Cañon City: Cotter intends to re-open mill despite unchecked groundwater contamination

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From the Denver Post (Bruce Finley):

Cotter’s latest data indicate groundwater contamination from Cold War uranium-processing still is spreading unchecked toward Cañon City (pop. 15,850). And federal investigators still haven’t completed a required comprehensive look at whether contamination could be causing cancer and other health problems…

Local leaders who long tolerated the contamination — it’s been 25 years since the Environmental Protection Agency ordered a Superfund cleanup — now oppose any project until the cleanup is done. “That mill is just in the wrong place. I’d rather see them decommission and go away,” Fremont County Commissioner Mike Stiehl said…

The mill is one of four in the nation licensed to convert uranium ore into yellowcake — fuel for the nuclear power that proponents see as a “green” alternative to burning fossil fuels. It sits above the Arkansas River on the south side of Cañon City, about 100 miles southwest of Denver. Cleanup has lagged with repeated violations. For years, Colorado officials have allowed the mill to stay open on a “stand-down” basis that lets Cotter retain an operating license — an unusual situation…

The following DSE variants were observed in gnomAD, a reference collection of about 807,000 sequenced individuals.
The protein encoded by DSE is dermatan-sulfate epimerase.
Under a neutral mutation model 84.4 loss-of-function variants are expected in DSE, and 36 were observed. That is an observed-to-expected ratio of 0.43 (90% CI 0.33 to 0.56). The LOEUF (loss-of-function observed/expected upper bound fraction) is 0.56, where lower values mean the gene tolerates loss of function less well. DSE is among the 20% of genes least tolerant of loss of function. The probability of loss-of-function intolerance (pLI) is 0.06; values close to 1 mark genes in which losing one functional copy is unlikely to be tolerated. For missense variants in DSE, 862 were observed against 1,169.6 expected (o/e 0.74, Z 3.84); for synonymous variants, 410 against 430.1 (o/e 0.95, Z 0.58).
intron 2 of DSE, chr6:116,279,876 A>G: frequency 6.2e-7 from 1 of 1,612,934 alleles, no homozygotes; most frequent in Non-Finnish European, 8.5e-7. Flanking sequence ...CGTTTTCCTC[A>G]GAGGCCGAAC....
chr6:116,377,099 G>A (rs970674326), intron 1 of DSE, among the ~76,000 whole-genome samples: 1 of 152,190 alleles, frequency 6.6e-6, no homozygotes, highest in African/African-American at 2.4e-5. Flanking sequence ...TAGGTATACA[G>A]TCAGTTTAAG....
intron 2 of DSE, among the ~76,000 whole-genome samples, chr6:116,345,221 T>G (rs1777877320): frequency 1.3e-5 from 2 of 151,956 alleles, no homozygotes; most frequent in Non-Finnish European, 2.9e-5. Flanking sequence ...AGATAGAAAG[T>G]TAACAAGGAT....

Cotter’s data shows the concentration of uranium in groundwater flowing from the plant increased by 40 percent between 2000 and 2006 and Cotter “is evaluating” how fast this water is flowing, said Steve Tarlton, the Colorado Department of Public Health and Environment’s radiation program manager. “Cleanup is required whether the site is closed or refurbished,” Tarlton said. “Exposures aren’t taking place,” EPA remedial project manager Pat Smith said, although a resident recently was placed on an alternative water supply. Cotter intends to refurbish its mill, then hire up to 80 workers to process uranium ore hauled by train from a mine on Mount Taylor in northern New Mexico, said John Hamrick, vice president of milling for Cotter. It’s uncertain how much Cotter would invest and what sort of facilities it would build, Hamrick said…

“What I find perplexing is how Cotter here in Colorado can say they intend to do a deal with their sister company in New Mexico when all these issues are still pending,” said state Rep. Buffie McFadyen, D-Pueblo West, who represents residents around the mill.

More Coyote Gulch coverage here and here.

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